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Date:	Fri, 01 Jun 2007 17:13:34 -0400
From:	Jeff Garzik <jgarzik@...ox.com>
To:	David Acker <dacker@...net.com>
CC:	Milton Miller <miltonm@....com>,
	"Kok, Auke" <auke-jan.h.kok@...el.com>,
	e1000-devel@...ts.sourceforge.net,
	Jeff Kirsher <jeffrey.t.kirsher@...el.com>,
	John Ronciak <john.ronciak@...el.com>,
	Jesse Brandeburg <jesse.brandeburg@...el.com>,
	Scott Feldman <sfeldma@...ox.com>, netdev@...r.kernel.org
Subject: Re: [PATCH] fix e100 rx path on ARM (was [PATCH] e100 rx: or s and
 el bits)

David Acker wrote:
> Milton Miller wrote:
>> Your logic works, this adds some conditional branching but saves a 
>> pointer, not sure which is better.  Mine can be used for initializing 
>> without special casing since it will just calculate rx_to_unmark as 
>> rx[n-2] and rx_to_mark as rx[n-2] != rx[n-2]->prev; unmarking a never 
>> marked still works, where as for yours the "was marked" must be 
>> explicitly set to something (hmm, rxs = rx[0] might work for that 
>> initial value until we mark -2??)
>>
>> again, the compare of rx->el instead of rx->rfd->el is to save cache 
>> traffic to the rfd under io.  The rx->was_0 is required, so the el 
>> flag is free.
>>
> 
> Ok, I took a stab at coding and testing these ideas.  Below is a patch 
> against 2.6.22-rc3.
> Let me know what you think.  Testing shows that we can hit any of the 
> following scenarios:
> 
> Find a buffer not complete with rx->el and rx->s0 set. I read back the 
> status and see if
> the receiver is still running.
> Find a buffer not complete with rx->el not set and rx->s0 set.  I check 
> the next buffer
> and if it is complete, I free the skb and return 0.  If the next buffer 
> is not
> complete, I read the receiver's status to see if he is still running.
> Find a buffer that is complete with rx->el not set and rx->s0 set.  It 
> appears that hardware
> can read the rfd's el-bit, then software can clear the rfd el-bit and 
> set the rfd size, and
> then hardware can come in and read the size.  I am reading the status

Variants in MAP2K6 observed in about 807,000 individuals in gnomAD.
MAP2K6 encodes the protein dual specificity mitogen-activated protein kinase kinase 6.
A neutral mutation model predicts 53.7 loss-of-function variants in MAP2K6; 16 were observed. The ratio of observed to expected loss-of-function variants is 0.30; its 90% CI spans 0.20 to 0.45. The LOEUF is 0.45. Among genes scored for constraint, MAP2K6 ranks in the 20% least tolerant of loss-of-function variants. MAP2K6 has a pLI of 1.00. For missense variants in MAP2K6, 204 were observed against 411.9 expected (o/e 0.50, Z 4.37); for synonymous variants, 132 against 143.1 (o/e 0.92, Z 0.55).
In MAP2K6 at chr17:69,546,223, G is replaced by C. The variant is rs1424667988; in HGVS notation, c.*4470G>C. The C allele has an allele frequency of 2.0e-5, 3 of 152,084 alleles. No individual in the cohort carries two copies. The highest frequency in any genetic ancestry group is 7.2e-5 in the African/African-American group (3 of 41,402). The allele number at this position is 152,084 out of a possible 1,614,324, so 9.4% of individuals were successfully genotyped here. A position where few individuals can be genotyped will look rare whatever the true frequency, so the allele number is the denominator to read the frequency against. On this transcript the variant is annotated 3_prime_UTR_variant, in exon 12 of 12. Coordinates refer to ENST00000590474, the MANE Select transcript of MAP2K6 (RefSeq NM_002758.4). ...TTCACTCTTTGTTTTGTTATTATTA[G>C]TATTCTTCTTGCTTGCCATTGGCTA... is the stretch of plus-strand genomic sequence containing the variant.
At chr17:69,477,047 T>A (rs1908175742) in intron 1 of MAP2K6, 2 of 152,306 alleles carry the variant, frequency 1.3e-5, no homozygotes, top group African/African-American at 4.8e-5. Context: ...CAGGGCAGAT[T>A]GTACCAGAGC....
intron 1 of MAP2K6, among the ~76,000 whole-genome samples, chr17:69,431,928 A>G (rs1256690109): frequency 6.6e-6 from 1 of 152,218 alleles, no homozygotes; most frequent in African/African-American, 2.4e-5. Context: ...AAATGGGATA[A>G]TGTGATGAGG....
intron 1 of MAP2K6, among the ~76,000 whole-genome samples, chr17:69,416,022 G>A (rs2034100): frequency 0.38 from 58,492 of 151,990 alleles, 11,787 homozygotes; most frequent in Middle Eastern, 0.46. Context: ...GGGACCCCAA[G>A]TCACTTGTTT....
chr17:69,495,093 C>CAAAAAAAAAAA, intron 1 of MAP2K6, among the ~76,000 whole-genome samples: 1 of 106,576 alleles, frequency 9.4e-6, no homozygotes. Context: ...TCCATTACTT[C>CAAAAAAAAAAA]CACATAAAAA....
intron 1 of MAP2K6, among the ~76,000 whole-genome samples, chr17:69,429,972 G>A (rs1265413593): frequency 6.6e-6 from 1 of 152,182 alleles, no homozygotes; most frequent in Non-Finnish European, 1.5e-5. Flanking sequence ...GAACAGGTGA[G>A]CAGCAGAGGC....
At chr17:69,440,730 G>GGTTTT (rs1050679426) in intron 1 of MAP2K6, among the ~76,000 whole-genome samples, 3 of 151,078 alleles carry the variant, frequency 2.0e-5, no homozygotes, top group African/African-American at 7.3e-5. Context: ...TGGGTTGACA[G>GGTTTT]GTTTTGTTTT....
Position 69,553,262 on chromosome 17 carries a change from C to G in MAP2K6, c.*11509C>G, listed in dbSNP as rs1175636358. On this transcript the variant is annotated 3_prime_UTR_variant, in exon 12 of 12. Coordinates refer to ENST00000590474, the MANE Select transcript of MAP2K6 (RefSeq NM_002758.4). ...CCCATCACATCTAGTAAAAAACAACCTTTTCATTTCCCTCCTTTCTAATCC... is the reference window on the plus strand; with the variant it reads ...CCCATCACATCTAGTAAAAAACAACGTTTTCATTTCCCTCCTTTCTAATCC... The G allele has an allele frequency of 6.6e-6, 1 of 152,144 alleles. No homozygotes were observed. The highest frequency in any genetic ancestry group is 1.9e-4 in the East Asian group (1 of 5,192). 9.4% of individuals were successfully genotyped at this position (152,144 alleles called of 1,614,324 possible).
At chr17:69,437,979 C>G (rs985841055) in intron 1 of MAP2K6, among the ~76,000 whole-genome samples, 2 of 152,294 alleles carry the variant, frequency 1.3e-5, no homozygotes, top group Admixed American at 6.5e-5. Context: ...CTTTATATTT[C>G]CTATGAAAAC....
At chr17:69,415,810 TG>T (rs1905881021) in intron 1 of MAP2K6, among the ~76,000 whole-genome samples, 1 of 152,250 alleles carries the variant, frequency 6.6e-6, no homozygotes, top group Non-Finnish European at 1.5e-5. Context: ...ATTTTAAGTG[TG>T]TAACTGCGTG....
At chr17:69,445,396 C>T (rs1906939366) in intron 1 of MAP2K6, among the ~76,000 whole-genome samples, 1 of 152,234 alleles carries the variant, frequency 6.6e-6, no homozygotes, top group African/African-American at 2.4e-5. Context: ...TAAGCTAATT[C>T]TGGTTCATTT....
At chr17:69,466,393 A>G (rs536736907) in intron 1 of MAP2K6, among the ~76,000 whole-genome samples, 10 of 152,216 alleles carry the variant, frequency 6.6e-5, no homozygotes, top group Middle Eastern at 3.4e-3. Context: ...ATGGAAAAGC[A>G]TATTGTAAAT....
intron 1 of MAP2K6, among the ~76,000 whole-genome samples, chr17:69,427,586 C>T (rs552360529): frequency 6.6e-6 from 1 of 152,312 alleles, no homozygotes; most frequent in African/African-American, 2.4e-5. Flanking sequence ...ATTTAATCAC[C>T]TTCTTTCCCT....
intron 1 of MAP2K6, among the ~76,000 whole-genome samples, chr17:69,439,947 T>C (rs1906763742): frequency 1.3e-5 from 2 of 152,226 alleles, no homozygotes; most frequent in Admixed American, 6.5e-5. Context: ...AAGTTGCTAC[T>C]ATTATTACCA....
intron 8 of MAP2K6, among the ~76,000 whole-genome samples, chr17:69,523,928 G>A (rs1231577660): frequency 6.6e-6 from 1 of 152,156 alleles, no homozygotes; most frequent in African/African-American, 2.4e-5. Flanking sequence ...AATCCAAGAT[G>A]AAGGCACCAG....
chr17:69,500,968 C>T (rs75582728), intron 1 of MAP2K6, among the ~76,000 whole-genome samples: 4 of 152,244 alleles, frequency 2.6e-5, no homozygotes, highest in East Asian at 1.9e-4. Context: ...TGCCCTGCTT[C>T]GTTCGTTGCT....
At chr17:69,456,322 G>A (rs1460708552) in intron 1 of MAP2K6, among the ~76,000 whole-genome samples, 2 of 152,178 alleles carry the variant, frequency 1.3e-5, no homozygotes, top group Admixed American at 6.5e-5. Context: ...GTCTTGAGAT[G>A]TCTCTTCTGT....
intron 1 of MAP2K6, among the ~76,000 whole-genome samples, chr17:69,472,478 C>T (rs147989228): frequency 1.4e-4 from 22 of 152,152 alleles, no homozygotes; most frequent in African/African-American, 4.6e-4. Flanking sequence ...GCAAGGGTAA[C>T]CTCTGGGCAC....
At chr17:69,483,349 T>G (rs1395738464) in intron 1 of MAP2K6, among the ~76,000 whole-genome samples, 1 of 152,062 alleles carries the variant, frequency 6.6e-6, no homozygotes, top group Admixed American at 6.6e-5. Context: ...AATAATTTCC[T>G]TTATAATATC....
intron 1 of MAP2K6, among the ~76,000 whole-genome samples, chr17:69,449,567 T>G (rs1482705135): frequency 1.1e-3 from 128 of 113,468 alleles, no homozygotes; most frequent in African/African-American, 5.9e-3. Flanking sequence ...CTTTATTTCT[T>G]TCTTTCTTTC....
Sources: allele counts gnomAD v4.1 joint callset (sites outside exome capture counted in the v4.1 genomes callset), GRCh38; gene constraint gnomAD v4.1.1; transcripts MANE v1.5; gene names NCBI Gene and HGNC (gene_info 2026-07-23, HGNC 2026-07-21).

> back, although
> I don't think that I have to in this instance.
> 
> I am testing a version of this code patched against 2.6.18.4 on my PXA 
> 255 based system.  I will let you all know how it goes.
> 
> On the ARM, their is a race condition between software allocating a new 
> receive
> buffer and hardware writing into a buffer.  The two race on touching the 
> last
> Receive Frame Descriptor (RFD).  It has its el-bit set and its next link 
> equal
> to 0.  When hardware encounters this buffer it attempts to write data to it
> and then update Status Word bits and Actual Count in the RFD.  At the 
> same time
> software may try to clear the el-bit and set the link address to a new 
> buffer.
> Since the entire RFD is once cache-line, the two write operations can
> collide.  This can lead to the receive unit stalling or freed receive 
> buffers
> getting written to.
> 
> The fix is to set the el-bit on and the size to 0 on the next to last 
> buffer
> in the chain.  When the hardware encounters this buffer it stops and does
> not write to it at all.  The hardware issues an RNR interrupt with the
> receive unit in the No Resources state.  When software allocates buffers,
> it can update the tail of the list when either it knows the hardware
> has stopped or the previous to the new one to mark marked.
> Once it has a new next to last buffer prepared, it can clear the el-bit
> and set the size on the previous one.  The race on this buffer is safe
> since the link already points to a valid next buffer.  We keep flags
> in our software descriptor to note if the el bit is set and if the size
> was 0.  When we clear the RFD's el bit and set its size, we also clear
> the el flag but we leave the size was 0 bit set.  This was we can find
> this buffer again later.
> 
> If the hardware sees the el-bit cleared without the size set, it will
> move on to the next buffer and skip this one.  If it sees
> the size set but the el-bit still set, it will complete that buffer
> and then RNR interrupt and wait.
> 
> 
> Signed-off-by: David Acker <dacker@...net.com>

That seems to vaguely match my memory of what eepro100 was doing (or 
trying to do).

I _really_ appreciate you working on this problem.  Getting e100 driver 
stable for the long term, and ditching eepro100, is a big hurdle to 
cross.  Getting this right is really one of the last steps.

The patch looks OK at quick glance.

Thanks,

	Jeff



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